According to a recent survey of classes at East Carolina University by economics professor Nick Rupp, students who receive some amount of regular homework ultimately earn higher grades on tests. Great. I’m sure that’s exactly what all of you wanted to hear right before the fall semester starts. Next we’ll be telling you that too much beer is bad for you.
In his principles of microeconomics classes one semester, Rupp gave out two syllabuses to participating students; one randomly assigned group was required to do homework that accounted for 10% of their final grade. The other group was given the option of whether or not they’d like to do the same amount of homework, and their final grade was calculated entirely by test scores.
According to the results published the most recent issue of The Journal of Economic Education, those who were required to do the homework performed about a half grade better than those who were given an option (with some exceptions, of course). And it wasn’t because of that measly 10% of extra points helping them out, either — the test averages were often much higher than the homework average.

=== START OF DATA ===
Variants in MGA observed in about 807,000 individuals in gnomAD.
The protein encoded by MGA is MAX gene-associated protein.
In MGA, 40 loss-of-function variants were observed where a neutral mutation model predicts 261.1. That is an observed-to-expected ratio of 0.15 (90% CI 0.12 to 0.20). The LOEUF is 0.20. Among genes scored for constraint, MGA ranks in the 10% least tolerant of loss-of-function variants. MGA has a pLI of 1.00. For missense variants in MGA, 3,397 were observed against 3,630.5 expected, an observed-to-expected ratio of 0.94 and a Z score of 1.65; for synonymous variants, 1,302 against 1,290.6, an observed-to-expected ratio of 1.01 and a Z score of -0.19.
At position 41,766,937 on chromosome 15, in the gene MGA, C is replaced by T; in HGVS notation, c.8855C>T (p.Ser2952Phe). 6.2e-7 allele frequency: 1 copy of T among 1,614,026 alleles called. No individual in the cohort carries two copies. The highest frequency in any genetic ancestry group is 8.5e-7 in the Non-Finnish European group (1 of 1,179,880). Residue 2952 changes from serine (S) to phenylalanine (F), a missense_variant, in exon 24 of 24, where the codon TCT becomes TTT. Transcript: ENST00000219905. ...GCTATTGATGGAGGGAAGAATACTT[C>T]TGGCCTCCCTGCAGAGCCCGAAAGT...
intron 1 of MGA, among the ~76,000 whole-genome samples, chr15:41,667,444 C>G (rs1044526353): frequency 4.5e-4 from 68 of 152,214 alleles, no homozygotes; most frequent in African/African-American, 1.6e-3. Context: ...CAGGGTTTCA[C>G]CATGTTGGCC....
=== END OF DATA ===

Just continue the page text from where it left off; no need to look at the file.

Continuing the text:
Rupp theorizes that the differences in scores reflect how homework can help to refresh the course material and help students figure out weak spots in their knowledge before an important test. Unlike the homework-optional people, who often crammed immediately before exams to soak in as much information at once as they possibly could, the homework-required group often got much more feedback as to what they were doing right and wrong over the course of the semester.
So what’s next? Rupp plans to conduct a similar study in chemistry classes to see if the same holds true for other academic fields of study. Sir, have you ever taken a chemistry class? Those things are intense as heck. Nobody is going to treat homework like it is optional there because they’ve all been warned that if they do, the personification of Science herself will take them into her mandibles and then snap them in two like a dried out twig. Maybe try an English class instead.
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